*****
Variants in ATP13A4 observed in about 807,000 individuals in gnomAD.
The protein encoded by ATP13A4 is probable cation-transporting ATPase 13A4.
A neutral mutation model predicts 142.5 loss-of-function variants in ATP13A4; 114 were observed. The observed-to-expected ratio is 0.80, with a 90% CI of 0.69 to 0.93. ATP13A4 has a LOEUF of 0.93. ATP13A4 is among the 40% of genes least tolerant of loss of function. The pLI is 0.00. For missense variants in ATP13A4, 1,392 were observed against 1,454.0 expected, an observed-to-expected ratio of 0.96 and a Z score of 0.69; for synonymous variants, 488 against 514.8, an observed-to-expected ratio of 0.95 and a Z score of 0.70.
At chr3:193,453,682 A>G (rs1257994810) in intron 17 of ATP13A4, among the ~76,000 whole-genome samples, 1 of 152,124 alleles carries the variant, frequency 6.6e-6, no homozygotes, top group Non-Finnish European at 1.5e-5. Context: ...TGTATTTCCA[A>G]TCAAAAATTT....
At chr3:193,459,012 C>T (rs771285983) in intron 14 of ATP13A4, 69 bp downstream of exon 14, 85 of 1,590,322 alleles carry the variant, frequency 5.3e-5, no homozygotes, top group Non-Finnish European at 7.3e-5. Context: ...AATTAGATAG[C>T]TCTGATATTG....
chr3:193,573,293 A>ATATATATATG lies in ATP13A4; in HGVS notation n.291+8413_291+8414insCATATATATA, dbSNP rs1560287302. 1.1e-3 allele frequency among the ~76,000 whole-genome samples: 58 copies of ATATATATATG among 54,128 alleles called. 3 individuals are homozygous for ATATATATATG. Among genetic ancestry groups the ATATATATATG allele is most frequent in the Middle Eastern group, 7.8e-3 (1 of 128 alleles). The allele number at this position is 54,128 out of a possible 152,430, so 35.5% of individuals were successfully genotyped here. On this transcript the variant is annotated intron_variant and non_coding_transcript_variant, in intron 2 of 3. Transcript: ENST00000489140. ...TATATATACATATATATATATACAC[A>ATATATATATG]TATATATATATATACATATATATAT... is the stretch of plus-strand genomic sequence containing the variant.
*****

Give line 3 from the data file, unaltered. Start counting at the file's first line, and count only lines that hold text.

A neutral mutation model predicts 142.5 loss-of-function variants in ATP13A4; 114 were observed. The observed-to-expected ratio is 0.80, with a 90% CI of 0.69 to 0.93. ATP13A4 has a LOEUF of 0.93. ATP13A4 is among the 40% of genes least tolerant of loss of function. The pLI is 0.00. For missense variants in ATP13A4, 1,392 were observed against 1,454.0 expected, an observed-to-expected ratio of 0.96 and a Z score of 0.69; for synonymous variants, 488 against 514.8, an observed-to-expected ratio of 0.95 and a Z score of 0.70.